African baobab: Impres­sive giant

Because of its size and distinctive shape the African Baobab tree belongs to the most iconic plants of Southern Africa. In our blog you can learn more about this impressive giant.

Daniel
Daniel
Nature
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The African Baobab (Adansonia digitata) originates from the family of the Bombacoideae and ranks due to its size and striking form among the most well-known plants of tropical Africa. The species name digitata (fingered) refers to the leaves of the tree, which consist of five to nine individual leaves and remind one of the fingers of a human hand.

The Baobab has a rather small, but very thick trunk. The treetop is formed by strong branches, which branch out very widely and thus form extended crowns. Without leaves, the branches seem to resemble a root system, which is why legend has it that the Baobab was planted upside down by the devil.

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The actual roots of the tree extend about 1.5 meters deep into the ground. The horizontal orientation is longer than the height of the tree, one also speaks of lateral roots. The Baobab periodically sheds its leaves. Shortly before the rainy season in early summer they sprout and develop within four weeks.

The flowers of the tree are large and white and hang down from the leaf axils. They have between 700 and 1,500 stamens, which diverge radially from the centre of the flower. Even if the flowers have an unpleasant, sweet scent of carrion for humans, they are all the more attractive for various flying fox species, galagos and moths. These serve as natural pollinators for the Baobab. The large fruits (up to 40 cm) and their kidney-shaped seeds are eaten by elephants, antelopes and baboons. The white, cotton wool-like flesh is also edible for humans. Due to its high vitamin C content, it has a slightly sour taste.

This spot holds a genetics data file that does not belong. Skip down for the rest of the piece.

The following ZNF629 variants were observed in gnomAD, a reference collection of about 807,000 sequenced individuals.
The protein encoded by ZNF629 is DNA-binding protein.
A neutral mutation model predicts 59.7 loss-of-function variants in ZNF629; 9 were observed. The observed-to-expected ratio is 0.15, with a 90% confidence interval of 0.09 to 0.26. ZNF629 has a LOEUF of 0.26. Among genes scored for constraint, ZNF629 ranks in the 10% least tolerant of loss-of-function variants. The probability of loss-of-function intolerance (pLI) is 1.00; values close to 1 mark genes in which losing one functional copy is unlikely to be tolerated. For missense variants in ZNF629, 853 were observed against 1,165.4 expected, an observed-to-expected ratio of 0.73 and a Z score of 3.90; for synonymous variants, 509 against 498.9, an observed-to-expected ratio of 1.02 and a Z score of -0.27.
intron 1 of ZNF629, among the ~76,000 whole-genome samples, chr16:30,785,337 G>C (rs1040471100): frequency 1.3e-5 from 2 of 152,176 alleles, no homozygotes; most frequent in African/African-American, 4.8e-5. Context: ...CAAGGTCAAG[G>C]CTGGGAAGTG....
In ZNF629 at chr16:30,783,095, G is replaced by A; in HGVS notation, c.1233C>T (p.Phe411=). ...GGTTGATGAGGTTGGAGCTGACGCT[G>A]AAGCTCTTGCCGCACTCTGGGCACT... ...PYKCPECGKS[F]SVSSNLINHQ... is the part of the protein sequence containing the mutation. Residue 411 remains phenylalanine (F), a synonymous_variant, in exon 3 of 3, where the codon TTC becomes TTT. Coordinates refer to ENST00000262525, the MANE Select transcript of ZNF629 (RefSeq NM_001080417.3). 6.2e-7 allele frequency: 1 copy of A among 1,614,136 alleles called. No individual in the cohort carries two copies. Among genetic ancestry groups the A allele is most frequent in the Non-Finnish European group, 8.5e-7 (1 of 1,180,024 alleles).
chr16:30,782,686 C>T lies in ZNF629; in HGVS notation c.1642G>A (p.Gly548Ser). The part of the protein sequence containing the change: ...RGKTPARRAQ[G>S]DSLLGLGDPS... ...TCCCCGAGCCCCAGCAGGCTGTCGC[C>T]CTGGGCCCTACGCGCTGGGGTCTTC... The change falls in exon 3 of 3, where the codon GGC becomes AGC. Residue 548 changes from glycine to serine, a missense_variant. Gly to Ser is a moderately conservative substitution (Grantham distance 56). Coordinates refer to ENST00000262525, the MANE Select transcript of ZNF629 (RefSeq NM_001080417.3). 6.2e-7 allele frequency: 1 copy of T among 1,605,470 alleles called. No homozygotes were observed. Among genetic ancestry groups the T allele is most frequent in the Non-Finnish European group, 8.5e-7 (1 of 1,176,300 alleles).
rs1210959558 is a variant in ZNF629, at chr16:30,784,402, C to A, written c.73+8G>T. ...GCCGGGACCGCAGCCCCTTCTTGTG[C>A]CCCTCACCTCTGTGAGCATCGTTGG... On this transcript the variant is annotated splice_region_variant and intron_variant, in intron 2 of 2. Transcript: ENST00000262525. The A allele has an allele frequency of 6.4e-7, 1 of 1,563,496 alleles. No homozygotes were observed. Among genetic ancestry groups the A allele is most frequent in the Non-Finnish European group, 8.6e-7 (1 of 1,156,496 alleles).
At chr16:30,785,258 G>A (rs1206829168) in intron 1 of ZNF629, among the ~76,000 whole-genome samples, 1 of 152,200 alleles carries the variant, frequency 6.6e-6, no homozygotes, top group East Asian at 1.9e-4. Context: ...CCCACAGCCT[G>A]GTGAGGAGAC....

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Elephants use the wood of the Baobab as a water reservoir. With its mighty tusks, they knock deep holes into the thick bark and tear out parts of the moist and fibrous wood in order to chew it afterwards and to win the water from it. In areas where the density of elephant populations is very high, Baobabs are quite endangered because their natural succession, i.e. their regrowth, is not sufficient to compensate for the elephant's influence.

Due to its size and thickness, the age of the baobab tree is often overestimated. David Livingstone who discovered the tree estimated the age of a mighty Baobab he found on the Zambezi at 4000 years. Later investigations showed that only a few trees are older than 400 years. However, it is estimated that the giants can reach an age of up to 2000 years. In the context of a field guide training, a safari tour or voluntary work with Natucate in Africa you get the chance to experience the impressive tree giants yourself.

Sources

Peter Schütt (Hrsg.): Bäume der Tropen. Die große Enzyklopädie. Nikol Verlagsgesellschaft, Hamburg 2004

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